Fastest and most consistent responses ever!! :D Thank you so much @PeterPan !!!

- anonymous

Oh, and I'm 14 ^.^

- Ray10

O.o
14????

- Ray10

genius much?!?! :D

- anonymous

14.
7+7
7 x 2
\[\Large \sum_{n=0}^\infty \frac{7}{2^n }\]

- Ray10

o.O you are incredibly smart!!!

- anonymous

That and a lot of other things ^.^
haha
Need any more help?

- Ray10

you are a genius in my eyes ^.^
Well actually I need an answer of mine confirmed now that you mention it :P do you know about partial differentiation?

- anonymous

Let's see... this \[\Large \frac{\partial}{\partial x}\] comes to mind.
What's on yours?

- Ray10

yeah thats about right :) think you can have a look at a question I've done so far?

- anonymous

no promises. ^.^
hit me...

- Ray10

all good :) lets see
Given the function \[z=x ^{2}-2x+y ^{3}-3y\]
determine the position of the stationary point and their types (maxima, minima or saddle points)
so far I gett
\[zx\] = \[2x-2\]
\[zy\] = \[3y ^{2}-3\]
\[zxy\] = 0

- anonymous

hmm

- anonymous

One can never read enough :/
Oh well, first find the critical points... points where BOTH \(\large z_x\) and \(\large z_y\) are zero.

- Ray10

x=1 y=1, x-1 y=-1 :)

- anonymous

No.

- Ray10

ah true, one can never read enough!

- anonymous

Oh wait, you made a bloody typo XD

- anonymous

(1,1) and (1,-1) aye?

- Ray10

yeah :P
sorry it's 12:50am here and I am close to falling asleep in my glossy keyboard xD

- anonymous

Not my problem. >:)
Anyway, find the Hessian ^.^
\[\Large \left| \begin{matrix}z_{xx}&z_{xy}\\z_{yx}&z_{yy}\end{matrix}\right|=z_{xx}z_{yy}-(z_{xy})^2\]

- Ray10

12

- anonymous

Well that can't be true. What's \(\Large z_{yy}\)?

- Ray10

6y ?

- anonymous

Now reevaluate your Hessian -.-

- Ray10

zy = \[3y ^{2} -3\]
zyy = \[6y\]

- anonymous

Yes, I know that :D
I said reevaluate the Hessian...

- Ray10

zx = \[2x-2\]
zxx = 2

- Ray10

ohhh right :P

- Ray10

12 and -12 ? :S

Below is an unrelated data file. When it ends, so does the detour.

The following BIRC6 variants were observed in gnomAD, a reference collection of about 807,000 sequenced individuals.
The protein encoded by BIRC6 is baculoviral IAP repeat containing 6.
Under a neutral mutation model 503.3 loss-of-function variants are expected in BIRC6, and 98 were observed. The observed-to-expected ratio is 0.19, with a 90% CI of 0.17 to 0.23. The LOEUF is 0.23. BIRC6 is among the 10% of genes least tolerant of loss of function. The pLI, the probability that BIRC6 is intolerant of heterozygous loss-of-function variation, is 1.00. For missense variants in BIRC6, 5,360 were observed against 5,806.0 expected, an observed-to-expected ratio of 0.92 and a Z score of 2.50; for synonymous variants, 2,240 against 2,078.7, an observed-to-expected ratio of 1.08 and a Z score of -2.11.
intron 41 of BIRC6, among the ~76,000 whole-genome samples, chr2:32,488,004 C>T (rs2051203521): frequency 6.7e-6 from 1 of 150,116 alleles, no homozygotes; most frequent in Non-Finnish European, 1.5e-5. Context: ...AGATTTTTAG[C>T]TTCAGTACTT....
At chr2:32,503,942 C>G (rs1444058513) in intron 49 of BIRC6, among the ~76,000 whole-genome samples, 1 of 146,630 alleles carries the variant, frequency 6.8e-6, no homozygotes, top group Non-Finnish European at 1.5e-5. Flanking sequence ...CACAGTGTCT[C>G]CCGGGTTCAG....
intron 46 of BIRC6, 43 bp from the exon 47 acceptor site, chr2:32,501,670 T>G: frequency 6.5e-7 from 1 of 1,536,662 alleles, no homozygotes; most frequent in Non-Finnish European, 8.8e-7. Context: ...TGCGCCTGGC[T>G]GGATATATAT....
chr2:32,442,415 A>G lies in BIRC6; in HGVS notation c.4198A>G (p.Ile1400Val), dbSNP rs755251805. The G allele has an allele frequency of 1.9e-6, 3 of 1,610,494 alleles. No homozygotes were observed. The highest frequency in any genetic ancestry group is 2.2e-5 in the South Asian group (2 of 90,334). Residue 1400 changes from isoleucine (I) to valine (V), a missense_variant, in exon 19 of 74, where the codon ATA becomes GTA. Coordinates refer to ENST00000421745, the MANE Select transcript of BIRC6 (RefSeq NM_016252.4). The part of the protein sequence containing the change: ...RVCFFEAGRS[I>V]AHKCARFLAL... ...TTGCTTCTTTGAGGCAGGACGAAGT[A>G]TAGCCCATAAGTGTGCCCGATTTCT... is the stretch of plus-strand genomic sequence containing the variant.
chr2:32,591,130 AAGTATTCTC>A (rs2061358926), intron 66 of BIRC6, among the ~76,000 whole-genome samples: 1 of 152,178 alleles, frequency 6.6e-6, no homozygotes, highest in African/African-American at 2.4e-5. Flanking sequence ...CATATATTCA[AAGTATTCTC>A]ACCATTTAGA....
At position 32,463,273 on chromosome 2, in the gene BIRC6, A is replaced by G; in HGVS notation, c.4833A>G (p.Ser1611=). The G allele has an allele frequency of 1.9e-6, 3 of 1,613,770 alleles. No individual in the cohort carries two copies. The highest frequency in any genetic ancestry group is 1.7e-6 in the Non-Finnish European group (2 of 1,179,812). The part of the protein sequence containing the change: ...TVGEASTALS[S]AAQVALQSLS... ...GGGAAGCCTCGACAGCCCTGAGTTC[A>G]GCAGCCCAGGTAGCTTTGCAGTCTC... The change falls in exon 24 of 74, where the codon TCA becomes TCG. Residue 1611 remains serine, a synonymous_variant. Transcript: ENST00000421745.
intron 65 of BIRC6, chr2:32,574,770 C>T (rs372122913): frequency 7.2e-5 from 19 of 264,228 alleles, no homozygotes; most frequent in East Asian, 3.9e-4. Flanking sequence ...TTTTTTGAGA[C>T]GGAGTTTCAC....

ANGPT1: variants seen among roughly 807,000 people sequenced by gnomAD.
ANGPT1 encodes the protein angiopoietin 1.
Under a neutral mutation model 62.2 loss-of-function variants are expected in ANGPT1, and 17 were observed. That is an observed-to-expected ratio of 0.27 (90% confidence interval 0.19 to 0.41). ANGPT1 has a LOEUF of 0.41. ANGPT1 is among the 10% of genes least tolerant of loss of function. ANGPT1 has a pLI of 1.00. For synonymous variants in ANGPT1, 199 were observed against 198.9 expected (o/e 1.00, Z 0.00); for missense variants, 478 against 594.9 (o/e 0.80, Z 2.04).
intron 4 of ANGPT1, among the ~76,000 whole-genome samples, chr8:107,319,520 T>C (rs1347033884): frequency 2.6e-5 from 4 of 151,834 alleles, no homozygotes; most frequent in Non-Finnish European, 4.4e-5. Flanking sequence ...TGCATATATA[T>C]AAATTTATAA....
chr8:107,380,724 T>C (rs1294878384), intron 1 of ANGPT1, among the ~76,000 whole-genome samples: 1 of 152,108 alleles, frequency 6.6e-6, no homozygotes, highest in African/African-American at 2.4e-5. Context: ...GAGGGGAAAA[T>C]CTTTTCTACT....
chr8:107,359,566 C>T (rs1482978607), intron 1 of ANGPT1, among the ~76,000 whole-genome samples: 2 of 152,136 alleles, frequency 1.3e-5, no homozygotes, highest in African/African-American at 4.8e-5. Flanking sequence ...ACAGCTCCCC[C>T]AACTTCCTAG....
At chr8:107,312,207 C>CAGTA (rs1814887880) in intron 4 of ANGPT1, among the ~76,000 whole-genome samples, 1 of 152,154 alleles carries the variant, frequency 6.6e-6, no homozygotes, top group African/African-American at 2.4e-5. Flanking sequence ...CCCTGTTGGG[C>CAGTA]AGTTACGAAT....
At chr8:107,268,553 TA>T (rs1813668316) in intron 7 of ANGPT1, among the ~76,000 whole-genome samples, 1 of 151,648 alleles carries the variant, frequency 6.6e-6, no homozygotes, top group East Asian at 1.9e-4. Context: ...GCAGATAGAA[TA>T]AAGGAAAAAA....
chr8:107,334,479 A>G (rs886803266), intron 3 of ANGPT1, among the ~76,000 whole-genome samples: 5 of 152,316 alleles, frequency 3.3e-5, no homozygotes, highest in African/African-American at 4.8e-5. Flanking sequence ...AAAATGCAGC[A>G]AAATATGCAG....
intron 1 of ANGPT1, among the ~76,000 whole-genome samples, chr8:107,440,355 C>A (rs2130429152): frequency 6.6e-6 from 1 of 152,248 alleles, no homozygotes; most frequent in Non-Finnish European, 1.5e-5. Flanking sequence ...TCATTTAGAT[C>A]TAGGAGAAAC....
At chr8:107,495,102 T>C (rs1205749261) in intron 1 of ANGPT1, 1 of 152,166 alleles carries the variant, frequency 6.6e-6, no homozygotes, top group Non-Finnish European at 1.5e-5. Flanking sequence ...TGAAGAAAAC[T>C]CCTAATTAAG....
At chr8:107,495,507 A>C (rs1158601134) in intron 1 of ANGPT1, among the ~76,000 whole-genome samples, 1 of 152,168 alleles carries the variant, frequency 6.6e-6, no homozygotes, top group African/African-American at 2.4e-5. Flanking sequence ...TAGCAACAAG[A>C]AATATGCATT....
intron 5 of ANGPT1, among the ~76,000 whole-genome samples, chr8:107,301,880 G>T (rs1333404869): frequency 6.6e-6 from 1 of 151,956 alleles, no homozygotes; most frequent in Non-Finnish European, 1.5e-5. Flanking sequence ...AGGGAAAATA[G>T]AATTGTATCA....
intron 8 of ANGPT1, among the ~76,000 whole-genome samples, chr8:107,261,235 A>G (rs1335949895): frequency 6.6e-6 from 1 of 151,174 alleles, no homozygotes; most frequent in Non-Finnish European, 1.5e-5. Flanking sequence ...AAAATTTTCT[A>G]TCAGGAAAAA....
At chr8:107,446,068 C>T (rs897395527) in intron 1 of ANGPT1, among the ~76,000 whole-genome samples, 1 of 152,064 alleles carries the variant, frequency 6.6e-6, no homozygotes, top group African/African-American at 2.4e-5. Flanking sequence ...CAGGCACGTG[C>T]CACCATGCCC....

- anonymous

HESSIAN!
\[\Large z_{xx}z_{yy}-(z_{xy})^2\]

- Ray10

\[2\times 6 - (0)^{2}\] is the Hessian

- Ray10

is that what you are saying? :S

- Ray10

@PeterPan I think my mind is fried :S

- anonymous

So, you say this:

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- anonymous

And then you say this:

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- Ray10

yes

- Ray10

\[2\times 6y - (0)^{2}\]

- anonymous

NOW he gets it -.-
Simplify it :P

- Ray10

12y :P

- anonymous

And that, really-old-and-very lost boy, is the Hessian.
Now, at (1,1), what is its value?

- Ray10

12...

- Ray10

I like your method of teaching actually :P

- anonymous

That's what she said ^.^
Anyway, positive Hessian, and positive \(\large z_{xx}\) which is 2 and always positive anyway... means it's a local minimum. :D
What about (1,-1)?

- Ray10

-12..

- anonymous

- anonymous

http://en.wikipedia.org/wiki/Second_partial_derivative_test

- Ray10

oh gosh O.o
why are you sooo smart?!?!

- anonymous

Probably because of all the candy ^.^

- Ray10

I need this candy :P

- Ray10

You're quite bright for your age! :D

- anonymous

It only works when you're a kid :P
And you're a grown-up already :(

- Ray10

oh please!! If you knew what I still did, you would differ that answer :P

- anonymous

Aww yea!
Grow big and never grow up
^.^

- Ray10

thats me!!! :D
Pokemon nerd..just a bit too much ^.^

- anonymous

So... I'll leave you to your musings, then? I'm sure you need to sleep :D

- Ray10

yes thank you ! But once again, thank you very much for all your help and advice! Really appreciate it! :D

- Ray10

I'll talk to you soon!

- anonymous

Keep your window open ^.^

- Ray10

fairy dust?! :D

- anonymous

A happy thought.
Now get your rest XD
A drowsy adventurer... is a DEAD adventurer >:)

- Ray10

ah hahah soo true! Night @PeterPan! :D

- anonymous

bye ^.^

- Ray10

quick question; why is it 2 in front?

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- Ray10

@PeterPan

- Ray10

all good, I worked it out :)